R.I. Business Coalition Prepares for the 2016 Assembly Session

Under the leadership of RISCPA President Bob Mancini, the Society has been an active member of the Rhode Island Business Coalition since it was formed two years ago.  The group of business associations

 has worked consistently in pursuit of public policies that will improve economic competitiveness and the overall business climate of the state. To achieve those goals the Coalition established a number of policy priorities, including:

  • Reducing the Cost-of-Doing Business; 
  • Improving Access-to-Capital; 
  • Regulatory Reform; 
  • Labor issues, and;
  • Fiscal Stability and Economic Development Policy

The Coalition has enjoyed a number of successes, including lowering the state’s corporate income tax rate, increasing the estate tax exemption while eliminating the “cliff” and a major overhaul of the state’s Career and Technical Education system. As the 2016 legislative session approaches, the Coalition will continue to focus on reforms that will assist businesses. The group is considering the following initiatives as part of their legislative package:

Property Tax Reform:  Rhode Island’s property tax system is not competitive and negatively impacts our economic growth. Ten years ago the General Assembly passed S. 3050, limiting annual growth in municipal property tax levies to 4 percent. However, property taxes continue to be burdensome to businesses and property owners. To explore other options, the House established a permanent commission on property taxation designed to consider property tax related issues including, the revaluation process and statistical study, exemptions and classifications, uniform depreciation rates, the use and impact of the tax classification system, and the process of valuation appeals. The Coalition is committed to working with the commission in order to make these reforms a reality.

Tangible Property Tax Reform: State law requires that tangible personal property be reported annually to the municipal assessors’ offices. (Tangible personal property is business property other than real estate that has value by itself.  Examples include furniture, fixtures, machinery, tools, etc.). Each municipality has its own tangible personal property rate, some of which exceed residential and commercial rates by a large margin. The Coalition supports reforms that would eliminate the tangible personal property tax rate or cap it at the same level as either the residential or commercial rates.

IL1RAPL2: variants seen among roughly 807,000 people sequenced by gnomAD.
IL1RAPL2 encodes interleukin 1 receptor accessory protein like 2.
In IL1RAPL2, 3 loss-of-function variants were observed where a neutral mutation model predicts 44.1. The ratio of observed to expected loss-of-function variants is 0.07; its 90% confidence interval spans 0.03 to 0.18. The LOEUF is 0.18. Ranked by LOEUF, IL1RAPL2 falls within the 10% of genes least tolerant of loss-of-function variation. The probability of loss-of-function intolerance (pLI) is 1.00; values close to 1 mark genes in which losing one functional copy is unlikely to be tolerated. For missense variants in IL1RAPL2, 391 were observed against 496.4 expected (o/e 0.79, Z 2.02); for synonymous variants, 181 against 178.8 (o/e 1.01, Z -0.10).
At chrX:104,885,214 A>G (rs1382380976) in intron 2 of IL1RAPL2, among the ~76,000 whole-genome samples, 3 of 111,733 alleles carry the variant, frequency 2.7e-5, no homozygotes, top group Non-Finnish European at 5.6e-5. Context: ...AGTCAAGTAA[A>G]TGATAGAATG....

UI and TDI/TCI: Two programs administered through the R.I. Department of Labor and Training (DLT) merit review and possible reform. Rhode Island’s unemployment insurance (UI) program is ranked 49th in the Tax Foundation’s 2015 State Business Tax Climate Index. To address this, the rate, wage base, experience formula, and benefit structure must be reviewed.  Further, the Temporary Disability Insurance (TDI) and Temporary Caregivers Insurance (TCI) programs are also unusual compared to other states. While Rhode Island’s TDI program has been in effect for several years, the TCI program is relatively new (enacted in 2013), and it should be monitored for use and cost. The Coalition would support the formation of a legislative commission to review these systems and pursue necessary reforms.

Energy Policy: As reliable, low-cost energy - largely due to new-found supplies of natural gas – becomes available, the state must adapt its energy policies to take advantage. One limiting factor is the inadequate natural gas pipeline capacity that serves Rhode Island, and all of New England, for the delivery of natural gas from where it is produced elsewhere in the United States and Canada. The Coalition will support improvements to pipeline capacity for the region.

Expanded Estate Tax Reform: Rhode Island increased its estate tax exemption amount in 2014 from $921,655 to $1.5 million and indexed the exemption for inflation. These reforms also eliminated “the cliff”, ensuring that the estate tax does not go into effect until the $1.5 million exemption limit is reached.  The Coalition will consider similar reforms, including possible exemptions to the estate tax for small family businesses. Ultimately, the Coalition would like to see Rhode Island’s estate tax be in alignment with the federal estate tax. 

There is much more to be done, but the Rhode Island Business Coalition has proven to be an effective advocate for many of the policy changes that will help turn Rhode Island around.